Nico F. Bijnsdorp

ROMAN OPAQUE BLUE GLASS JUG

 

HEXAGONAL BOTTLE WITH FLORAL MOTIFS

ROMAN MEDALLION WITH THE HEAD OF MEDUSA

Medusa Roman Glass Medallion NFB 301

David Giles

 

OPAQUE BLUE ROMAN BUD VASE

OPAQUE BLUE ROMAN GLASS BUD VASE

 

The Augustinus Collection of Ancient Glass

BLUE JUGLET WITH CYMBALS

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AMPHORISKOS

roman-amphoriskos

Elisabeth & Theo Zandbergen

Blue Roman Glass Unguentarum

Blue Roman Glass Unguentarum1

 CORE FORMED OEINOCHOE

CORE FORMED OEINOCHOE

The Windmill Collection of Roman Glass

ROYAL BLUE RIBBED UNGUENTARIUM

Royal blue ribbed unguentarium Roman bottle

HEAD-SHAPED BOTTLE

HEAD-SHAPED BOTTLE

 

SIDONIAN FLASK WITH OPAQUE HANDLES

SIDONIAN FLASK WITH OPAQUE HANDLES

 

ROMAN COBALT BLUE ACETABULUM

ROMAN COBALT BLUE ACETABULUM

Joop van der Groen

PEAR-SHAPED ROMAN GLASS UNGUENTARIUM

The Allaire Collection of Roman Glass

BLUE ROMAN BOTTLE

17R Roman blue bottle 1st Century

Roman Glass Marbled Pear Shaped Bottle

54R Roman marbled blue bottle 1st Century 5.6 cm

Core-Formed Alabastron

26R Core formed alabastron 6th-4th BC

DUTCH JENEVER GLASS

Posted in Uncategorized by Allaire Collection of Glass on July 10, 2019

Dutch Jenever Glass of Elisabeth & Theo Zandbergen

Dutch Jenever Glass

Dutch Jenever Glass

Origin: the Netherlands around 1750.

Dimensions: H 17,0 cm.; ø cuppa 7,1 cm.; ø foot 7,4 cm.; weight 130,1 gram.

  Description: This elegant jenever glass is quite rare regarding shape, construction and decoration. Jenever, in the old days written as genever, is the typical strong alcoholic Dutch drink not being the same as gin. The trumpet like cup and stem are made from one take of glass. The MSAT (Multiple Spiral Air Twist) in the stem starts at the bottom of the cup and continues almost to the foot of the glass being the second part of the construction of this glass.  The unique feature to this glass is the incorporation of two graduated bulbous knops.  The foot is slightly conical and the pontil is quite present in sight and feeling. The stem is made out of solid glass.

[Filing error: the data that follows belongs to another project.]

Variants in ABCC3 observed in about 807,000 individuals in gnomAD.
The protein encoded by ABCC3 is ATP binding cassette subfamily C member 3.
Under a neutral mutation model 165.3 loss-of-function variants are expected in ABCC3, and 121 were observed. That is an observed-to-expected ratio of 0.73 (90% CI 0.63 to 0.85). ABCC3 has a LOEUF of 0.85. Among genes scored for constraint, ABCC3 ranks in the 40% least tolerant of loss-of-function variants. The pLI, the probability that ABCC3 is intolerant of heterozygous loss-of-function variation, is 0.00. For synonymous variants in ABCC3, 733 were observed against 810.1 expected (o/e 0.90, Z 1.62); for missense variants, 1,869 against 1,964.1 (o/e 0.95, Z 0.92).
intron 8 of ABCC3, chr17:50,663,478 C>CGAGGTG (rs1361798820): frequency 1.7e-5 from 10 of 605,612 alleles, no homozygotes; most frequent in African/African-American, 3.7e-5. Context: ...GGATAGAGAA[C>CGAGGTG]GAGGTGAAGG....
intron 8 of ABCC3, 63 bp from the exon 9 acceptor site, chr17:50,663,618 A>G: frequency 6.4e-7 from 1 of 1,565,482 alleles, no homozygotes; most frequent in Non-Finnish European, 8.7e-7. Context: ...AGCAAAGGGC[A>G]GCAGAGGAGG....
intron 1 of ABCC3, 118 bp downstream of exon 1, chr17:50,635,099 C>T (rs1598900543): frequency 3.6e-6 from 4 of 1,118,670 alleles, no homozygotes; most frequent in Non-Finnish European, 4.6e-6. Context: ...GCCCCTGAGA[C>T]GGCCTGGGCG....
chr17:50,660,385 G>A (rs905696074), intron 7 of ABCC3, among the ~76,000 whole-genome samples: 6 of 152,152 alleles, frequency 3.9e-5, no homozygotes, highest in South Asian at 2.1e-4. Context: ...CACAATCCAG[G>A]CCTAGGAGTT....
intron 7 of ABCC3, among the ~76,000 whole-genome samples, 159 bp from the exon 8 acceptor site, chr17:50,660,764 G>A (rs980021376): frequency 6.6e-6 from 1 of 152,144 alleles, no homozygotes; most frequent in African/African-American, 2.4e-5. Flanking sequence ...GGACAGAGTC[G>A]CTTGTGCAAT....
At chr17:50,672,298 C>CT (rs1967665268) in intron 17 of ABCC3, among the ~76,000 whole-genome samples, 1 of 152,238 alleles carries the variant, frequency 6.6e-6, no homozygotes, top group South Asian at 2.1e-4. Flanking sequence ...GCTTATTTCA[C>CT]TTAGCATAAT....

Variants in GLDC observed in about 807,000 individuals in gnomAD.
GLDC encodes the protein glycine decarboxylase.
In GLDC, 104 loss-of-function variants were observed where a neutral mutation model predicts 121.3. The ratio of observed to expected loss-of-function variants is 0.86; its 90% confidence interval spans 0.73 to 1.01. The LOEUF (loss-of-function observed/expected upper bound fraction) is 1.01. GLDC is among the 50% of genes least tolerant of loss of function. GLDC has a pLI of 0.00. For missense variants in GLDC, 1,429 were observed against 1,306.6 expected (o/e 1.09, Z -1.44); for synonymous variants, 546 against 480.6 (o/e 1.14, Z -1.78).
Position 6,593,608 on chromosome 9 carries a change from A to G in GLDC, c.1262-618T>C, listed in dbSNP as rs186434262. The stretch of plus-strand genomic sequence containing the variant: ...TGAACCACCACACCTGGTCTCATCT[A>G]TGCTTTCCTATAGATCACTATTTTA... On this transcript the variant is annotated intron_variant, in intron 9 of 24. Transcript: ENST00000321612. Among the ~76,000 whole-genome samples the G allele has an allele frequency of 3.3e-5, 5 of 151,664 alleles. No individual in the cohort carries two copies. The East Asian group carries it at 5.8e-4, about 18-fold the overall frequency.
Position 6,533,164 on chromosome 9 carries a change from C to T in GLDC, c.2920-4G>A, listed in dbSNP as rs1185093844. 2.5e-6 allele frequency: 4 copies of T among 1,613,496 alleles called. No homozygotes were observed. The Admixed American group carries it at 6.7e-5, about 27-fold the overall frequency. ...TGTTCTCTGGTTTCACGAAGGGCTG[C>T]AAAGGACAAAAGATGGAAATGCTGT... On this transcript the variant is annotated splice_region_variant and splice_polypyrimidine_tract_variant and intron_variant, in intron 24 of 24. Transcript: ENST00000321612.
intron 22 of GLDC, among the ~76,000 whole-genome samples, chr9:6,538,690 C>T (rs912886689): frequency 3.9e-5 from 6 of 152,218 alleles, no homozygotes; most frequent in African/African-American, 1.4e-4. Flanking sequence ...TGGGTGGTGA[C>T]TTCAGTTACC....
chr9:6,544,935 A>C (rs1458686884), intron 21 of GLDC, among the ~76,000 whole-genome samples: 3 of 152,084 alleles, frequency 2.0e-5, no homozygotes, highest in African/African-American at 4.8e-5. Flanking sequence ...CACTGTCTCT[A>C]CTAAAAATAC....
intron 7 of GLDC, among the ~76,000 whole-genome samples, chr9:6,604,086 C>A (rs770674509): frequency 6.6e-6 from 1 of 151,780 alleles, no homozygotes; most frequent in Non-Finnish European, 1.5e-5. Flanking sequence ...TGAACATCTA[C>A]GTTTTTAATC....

Material: soda glass.

Parallels: Up to now very few parallels to this glass have been found which strengthens the statement of Frides Laméris when we bought this glass saying that he had rarely seen glasses with this architecture. The closest parallel regarding the shape of the stem is in Bickerton, English Drinking glasses 1675 – 1825 pg. 15 top row second glass from the left. However, the shape of the cuppa of that glass is different from our glass. An engraved parallel was auctioned at Bonhams 17-12-2008, The James Hall Collection, Sale number 16672 lot nr. 120. A rather good parallel was found with O.N. Wilkinson, Manufacture, Style, Uses, pict. 82, having a folded foot and two so called swelling knops iso. the more bulbous knops and the not folded foot of our glass.